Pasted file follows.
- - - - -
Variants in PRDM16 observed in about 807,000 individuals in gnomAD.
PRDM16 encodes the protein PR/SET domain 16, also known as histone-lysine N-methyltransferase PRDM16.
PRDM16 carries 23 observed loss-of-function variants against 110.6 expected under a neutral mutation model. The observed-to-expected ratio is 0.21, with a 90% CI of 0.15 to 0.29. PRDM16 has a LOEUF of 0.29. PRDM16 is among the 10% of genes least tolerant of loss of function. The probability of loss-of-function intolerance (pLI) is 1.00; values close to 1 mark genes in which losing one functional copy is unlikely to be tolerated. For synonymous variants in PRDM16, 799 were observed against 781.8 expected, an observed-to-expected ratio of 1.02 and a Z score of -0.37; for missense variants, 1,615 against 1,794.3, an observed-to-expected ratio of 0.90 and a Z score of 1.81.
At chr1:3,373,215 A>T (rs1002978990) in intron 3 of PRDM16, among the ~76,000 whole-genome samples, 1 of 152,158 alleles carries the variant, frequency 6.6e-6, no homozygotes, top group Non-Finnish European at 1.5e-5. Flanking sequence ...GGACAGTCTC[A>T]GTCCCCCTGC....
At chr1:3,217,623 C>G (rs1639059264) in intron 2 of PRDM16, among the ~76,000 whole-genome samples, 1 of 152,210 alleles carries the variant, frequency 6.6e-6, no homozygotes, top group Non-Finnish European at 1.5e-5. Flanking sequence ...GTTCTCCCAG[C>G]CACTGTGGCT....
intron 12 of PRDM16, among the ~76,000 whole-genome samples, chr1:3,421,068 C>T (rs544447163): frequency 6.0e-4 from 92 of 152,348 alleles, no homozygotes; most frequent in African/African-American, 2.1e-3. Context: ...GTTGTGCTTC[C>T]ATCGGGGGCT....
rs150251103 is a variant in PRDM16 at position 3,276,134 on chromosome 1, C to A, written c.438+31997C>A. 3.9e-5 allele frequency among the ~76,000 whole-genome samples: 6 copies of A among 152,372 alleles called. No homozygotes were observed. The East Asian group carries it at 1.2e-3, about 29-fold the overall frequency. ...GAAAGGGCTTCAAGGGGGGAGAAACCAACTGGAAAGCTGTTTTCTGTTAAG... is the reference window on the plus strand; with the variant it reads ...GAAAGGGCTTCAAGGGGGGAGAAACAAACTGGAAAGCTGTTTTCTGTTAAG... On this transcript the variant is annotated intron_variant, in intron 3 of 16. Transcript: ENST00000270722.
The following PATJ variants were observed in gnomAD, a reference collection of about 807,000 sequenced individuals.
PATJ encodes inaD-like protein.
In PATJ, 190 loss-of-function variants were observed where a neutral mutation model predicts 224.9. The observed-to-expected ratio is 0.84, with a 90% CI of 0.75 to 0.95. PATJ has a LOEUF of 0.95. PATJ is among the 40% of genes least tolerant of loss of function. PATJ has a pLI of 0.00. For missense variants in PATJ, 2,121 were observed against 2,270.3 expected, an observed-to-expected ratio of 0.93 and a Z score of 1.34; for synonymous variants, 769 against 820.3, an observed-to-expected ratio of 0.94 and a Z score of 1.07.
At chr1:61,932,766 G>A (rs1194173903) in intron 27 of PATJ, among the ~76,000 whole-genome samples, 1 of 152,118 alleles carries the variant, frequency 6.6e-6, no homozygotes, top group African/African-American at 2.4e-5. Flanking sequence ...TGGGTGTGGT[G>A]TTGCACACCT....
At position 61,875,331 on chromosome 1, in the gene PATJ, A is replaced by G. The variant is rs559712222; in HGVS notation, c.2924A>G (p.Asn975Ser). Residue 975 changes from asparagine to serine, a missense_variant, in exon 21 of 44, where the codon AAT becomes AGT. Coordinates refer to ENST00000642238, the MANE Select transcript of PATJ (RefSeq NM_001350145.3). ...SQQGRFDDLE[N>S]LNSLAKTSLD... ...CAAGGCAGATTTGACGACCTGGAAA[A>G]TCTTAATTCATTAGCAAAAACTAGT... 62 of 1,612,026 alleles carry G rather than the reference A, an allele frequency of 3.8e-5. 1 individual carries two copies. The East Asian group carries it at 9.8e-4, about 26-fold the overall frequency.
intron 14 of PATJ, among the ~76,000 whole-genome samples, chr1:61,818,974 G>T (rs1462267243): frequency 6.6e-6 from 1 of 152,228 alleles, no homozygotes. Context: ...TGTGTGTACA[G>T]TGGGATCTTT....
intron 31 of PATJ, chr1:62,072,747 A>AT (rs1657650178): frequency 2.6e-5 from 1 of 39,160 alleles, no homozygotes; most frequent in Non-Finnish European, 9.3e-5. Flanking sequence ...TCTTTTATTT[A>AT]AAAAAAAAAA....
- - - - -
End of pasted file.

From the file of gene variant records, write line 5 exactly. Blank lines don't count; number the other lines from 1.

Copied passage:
At chr1:3,217,623 C>G (rs1639059264) in intron 2 of PRDM16, among the ~76,000 whole-genome samples, 1 of 152,210 alleles carries the variant, frequency 6.6e-6, no homozygotes, top group Non-Finnish European at 1.5e-5. Flanking sequence ...GTTCTCCCAG[C>G]CACTGTGGCT....